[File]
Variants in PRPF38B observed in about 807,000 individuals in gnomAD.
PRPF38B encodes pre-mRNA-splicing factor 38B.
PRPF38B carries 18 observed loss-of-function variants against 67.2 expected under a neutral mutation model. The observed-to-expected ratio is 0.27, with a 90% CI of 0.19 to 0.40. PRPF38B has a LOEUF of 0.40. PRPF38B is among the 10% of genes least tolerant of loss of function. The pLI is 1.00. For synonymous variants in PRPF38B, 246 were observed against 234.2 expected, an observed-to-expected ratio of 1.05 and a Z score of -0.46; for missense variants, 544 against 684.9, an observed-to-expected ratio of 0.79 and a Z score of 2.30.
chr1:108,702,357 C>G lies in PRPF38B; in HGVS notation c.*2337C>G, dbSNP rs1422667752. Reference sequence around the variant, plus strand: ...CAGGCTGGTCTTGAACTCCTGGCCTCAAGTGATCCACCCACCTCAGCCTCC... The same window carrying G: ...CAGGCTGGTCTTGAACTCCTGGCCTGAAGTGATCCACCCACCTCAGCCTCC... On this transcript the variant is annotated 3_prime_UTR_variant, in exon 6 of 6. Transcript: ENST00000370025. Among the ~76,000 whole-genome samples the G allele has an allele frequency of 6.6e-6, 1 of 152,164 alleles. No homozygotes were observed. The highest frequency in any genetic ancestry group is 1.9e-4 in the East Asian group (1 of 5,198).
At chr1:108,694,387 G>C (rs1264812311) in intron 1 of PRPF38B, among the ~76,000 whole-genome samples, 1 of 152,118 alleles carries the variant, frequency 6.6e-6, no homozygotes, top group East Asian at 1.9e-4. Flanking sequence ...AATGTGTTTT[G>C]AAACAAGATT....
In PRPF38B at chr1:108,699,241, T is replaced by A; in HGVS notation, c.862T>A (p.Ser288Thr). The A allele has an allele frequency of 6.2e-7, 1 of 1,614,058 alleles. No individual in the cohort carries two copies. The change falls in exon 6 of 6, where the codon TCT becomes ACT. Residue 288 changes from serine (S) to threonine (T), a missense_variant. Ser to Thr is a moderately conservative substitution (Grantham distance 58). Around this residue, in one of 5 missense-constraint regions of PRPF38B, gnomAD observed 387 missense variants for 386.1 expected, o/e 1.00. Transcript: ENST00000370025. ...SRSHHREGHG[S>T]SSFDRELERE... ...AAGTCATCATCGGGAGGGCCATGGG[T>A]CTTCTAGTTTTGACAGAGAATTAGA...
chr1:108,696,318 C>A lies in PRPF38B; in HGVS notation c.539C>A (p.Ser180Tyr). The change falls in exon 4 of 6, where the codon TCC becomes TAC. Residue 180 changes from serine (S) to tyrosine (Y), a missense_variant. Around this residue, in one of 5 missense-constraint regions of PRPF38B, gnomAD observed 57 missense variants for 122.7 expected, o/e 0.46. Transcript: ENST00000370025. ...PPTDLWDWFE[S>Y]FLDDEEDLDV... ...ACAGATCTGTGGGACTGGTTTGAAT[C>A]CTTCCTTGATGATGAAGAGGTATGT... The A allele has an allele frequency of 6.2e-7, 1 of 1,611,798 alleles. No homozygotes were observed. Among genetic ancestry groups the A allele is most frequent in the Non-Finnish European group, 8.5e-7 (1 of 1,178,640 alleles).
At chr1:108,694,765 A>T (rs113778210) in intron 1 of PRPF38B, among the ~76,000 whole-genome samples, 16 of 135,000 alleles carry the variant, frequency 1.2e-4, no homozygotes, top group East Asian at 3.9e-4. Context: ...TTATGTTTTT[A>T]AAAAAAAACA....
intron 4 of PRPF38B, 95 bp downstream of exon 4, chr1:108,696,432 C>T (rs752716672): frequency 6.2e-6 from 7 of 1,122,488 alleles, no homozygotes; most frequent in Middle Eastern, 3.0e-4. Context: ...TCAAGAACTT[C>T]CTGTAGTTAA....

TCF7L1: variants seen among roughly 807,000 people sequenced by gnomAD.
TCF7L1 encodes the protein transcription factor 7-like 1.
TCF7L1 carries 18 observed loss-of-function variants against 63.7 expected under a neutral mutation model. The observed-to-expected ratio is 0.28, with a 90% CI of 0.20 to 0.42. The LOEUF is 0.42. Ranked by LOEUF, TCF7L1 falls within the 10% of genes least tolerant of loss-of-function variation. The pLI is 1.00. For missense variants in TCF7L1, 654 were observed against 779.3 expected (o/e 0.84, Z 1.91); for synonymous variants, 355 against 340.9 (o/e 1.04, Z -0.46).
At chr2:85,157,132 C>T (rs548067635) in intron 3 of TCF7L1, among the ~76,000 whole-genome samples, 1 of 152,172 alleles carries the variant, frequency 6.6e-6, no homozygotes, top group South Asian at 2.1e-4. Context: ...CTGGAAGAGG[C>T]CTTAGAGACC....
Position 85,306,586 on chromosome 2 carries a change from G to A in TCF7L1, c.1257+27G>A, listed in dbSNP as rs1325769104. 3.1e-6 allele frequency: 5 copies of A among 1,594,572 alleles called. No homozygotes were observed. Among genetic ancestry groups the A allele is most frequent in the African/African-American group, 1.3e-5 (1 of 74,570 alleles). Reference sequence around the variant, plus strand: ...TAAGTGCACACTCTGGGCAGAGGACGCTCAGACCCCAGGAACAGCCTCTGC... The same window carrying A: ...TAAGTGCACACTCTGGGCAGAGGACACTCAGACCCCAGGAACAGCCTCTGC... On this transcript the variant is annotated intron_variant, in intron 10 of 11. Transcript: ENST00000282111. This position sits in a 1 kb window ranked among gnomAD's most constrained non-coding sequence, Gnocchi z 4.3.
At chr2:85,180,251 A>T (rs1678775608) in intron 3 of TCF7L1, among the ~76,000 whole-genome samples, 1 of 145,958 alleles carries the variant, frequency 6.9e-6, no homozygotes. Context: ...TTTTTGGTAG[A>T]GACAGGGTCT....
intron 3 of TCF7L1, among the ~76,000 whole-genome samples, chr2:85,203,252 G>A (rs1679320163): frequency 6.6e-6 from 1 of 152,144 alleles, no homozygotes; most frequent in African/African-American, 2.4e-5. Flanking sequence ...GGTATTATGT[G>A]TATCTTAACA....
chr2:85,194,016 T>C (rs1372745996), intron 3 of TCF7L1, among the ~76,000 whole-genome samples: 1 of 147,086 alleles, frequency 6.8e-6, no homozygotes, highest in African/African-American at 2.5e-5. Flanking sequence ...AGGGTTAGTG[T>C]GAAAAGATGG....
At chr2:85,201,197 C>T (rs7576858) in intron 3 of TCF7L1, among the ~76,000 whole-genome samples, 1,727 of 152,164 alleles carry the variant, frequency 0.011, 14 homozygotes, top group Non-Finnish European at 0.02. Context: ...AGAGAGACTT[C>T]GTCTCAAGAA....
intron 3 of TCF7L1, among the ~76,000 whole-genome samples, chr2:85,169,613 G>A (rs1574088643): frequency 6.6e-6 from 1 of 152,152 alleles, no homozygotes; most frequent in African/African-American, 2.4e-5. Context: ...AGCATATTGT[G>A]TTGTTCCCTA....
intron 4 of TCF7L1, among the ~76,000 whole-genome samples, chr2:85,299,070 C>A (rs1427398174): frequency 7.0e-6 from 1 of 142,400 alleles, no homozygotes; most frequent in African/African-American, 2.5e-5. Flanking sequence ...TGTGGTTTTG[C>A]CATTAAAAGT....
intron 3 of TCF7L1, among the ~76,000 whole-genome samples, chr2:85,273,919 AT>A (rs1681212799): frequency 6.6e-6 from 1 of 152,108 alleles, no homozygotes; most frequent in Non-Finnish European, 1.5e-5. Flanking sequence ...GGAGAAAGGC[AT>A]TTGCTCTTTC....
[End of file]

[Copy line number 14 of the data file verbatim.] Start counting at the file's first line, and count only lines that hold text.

Position 85,306,586 on chromosome 2 carries a change from G to A in TCF7L1, c.1257+27G>A, listed in dbSNP as rs1325769104. 3.1e-6 allele frequency: 5 copies of A among 1,594,572 alleles called. No homozygotes were observed. Among genetic ancestry groups the A allele is most frequent in the African/African-American group, 1.3e-5 (1 of 74,570 alleles). Reference sequence around the variant, plus strand: ...TAAGTGCACACTCTGGGCAGAGGACGCTCAGACCCCAGGAACAGCCTCTGC... The same window carrying A: ...TAAGTGCACACTCTGGGCAGAGGACACTCAGACCCCAGGAACAGCCTCTGC... On this transcript the variant is annotated intron_variant, in intron 10 of 11. Transcript: ENST00000282111. This position sits in a 1 kb window ranked among gnomAD's most constrained non-coding sequence, Gnocchi z 4.3.